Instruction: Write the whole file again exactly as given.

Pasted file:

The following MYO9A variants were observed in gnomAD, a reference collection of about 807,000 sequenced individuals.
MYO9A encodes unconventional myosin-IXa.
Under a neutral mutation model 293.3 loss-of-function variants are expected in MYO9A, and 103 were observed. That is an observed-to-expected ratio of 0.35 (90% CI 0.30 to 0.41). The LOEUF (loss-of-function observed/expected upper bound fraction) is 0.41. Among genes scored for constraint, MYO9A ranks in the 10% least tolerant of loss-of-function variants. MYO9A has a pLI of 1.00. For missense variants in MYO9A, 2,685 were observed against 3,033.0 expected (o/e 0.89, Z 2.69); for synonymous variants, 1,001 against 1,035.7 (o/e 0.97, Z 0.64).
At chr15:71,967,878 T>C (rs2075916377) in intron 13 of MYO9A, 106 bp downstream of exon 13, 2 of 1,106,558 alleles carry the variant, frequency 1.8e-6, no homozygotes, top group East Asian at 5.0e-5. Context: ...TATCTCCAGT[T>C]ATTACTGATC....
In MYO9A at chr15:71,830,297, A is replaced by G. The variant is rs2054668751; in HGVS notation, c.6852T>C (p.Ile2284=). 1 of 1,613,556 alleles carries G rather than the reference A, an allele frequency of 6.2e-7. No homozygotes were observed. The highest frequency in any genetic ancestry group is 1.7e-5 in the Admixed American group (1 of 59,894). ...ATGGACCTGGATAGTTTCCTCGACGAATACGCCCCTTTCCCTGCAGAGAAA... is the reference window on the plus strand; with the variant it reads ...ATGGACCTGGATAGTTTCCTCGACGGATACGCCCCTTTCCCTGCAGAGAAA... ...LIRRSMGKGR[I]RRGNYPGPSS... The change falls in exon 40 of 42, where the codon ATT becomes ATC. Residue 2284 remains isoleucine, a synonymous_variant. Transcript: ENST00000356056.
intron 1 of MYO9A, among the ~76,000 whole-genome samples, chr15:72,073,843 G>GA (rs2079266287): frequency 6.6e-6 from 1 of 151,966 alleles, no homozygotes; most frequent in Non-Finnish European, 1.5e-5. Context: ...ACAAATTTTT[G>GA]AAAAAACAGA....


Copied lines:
The following MYO9A variants were observed in gnomAD, a reference collection of about 807,000 sequenced individuals.
MYO9A encodes unconventional myosin-IXa.
Under a neutral mutation model 293.3 loss-of-function variants are expected in MYO9A, and 103 were observed. That is an observed-to-expected ratio of 0.35 (90% CI 0.30 to 0.41). The LOEUF (loss-of-function observed/expected upper bound fraction) is 0.41. Among genes scored for constraint, MYO9A ranks in the 10% least tolerant of loss-of-function variants. MYO9A has a pLI of 1.00. For missense variants in MYO9A, 2,685 were observed against 3,033.0 expected (o/e 0.89, Z 2.69); for synonymous variants, 1,001 against 1,035.7 (o/e 0.97, Z 0.64).
At chr15:71,967,878 T>C (rs2075916377) in intron 13 of MYO9A, 106 bp downstream of exon 13, 2 of 1,106,558 alleles carry the variant, frequency 1.8e-6, no homozygotes, top group East Asian at 5.0e-5. Context: ...TATCTCCAGT[T>C]ATTACTGATC....
In MYO9A at chr15:71,830,297, A is replaced by G. The variant is rs2054668751; in HGVS notation, c.6852T>C (p.Ile2284=). 1 of 1,613,556 alleles carries G rather than the reference A, an allele frequency of 6.2e-7. No homozygotes were observed. The highest frequency in any genetic ancestry group is 1.7e-5 in the Admixed American group (1 of 59,894). ...ATGGACCTGGATAGTTTCCTCGACGAATACGCCCCTTTCCCTGCAGAGAAA... is the reference window on the plus strand; with the variant it reads ...ATGGACCTGGATAGTTTCCTCGACGGATACGCCCCTTTCCCTGCAGAGAAA... ...LIRRSMGKGR[I]RRGNYPGPSS... The change falls in exon 40 of 42, where the codon ATT becomes ATC. Residue 2284 remains isoleucine, a synonymous_variant. Transcript: ENST00000356056.
intron 1 of MYO9A, among the ~76,000 whole-genome samples, chr15:72,073,843 G>GA (rs2079266287): frequency 6.6e-6 from 1 of 151,966 alleles, no homozygotes; most frequent in Non-Finnish European, 1.5e-5. Context: ...ACAAATTTTT[G>GA]AAAAAACAGA....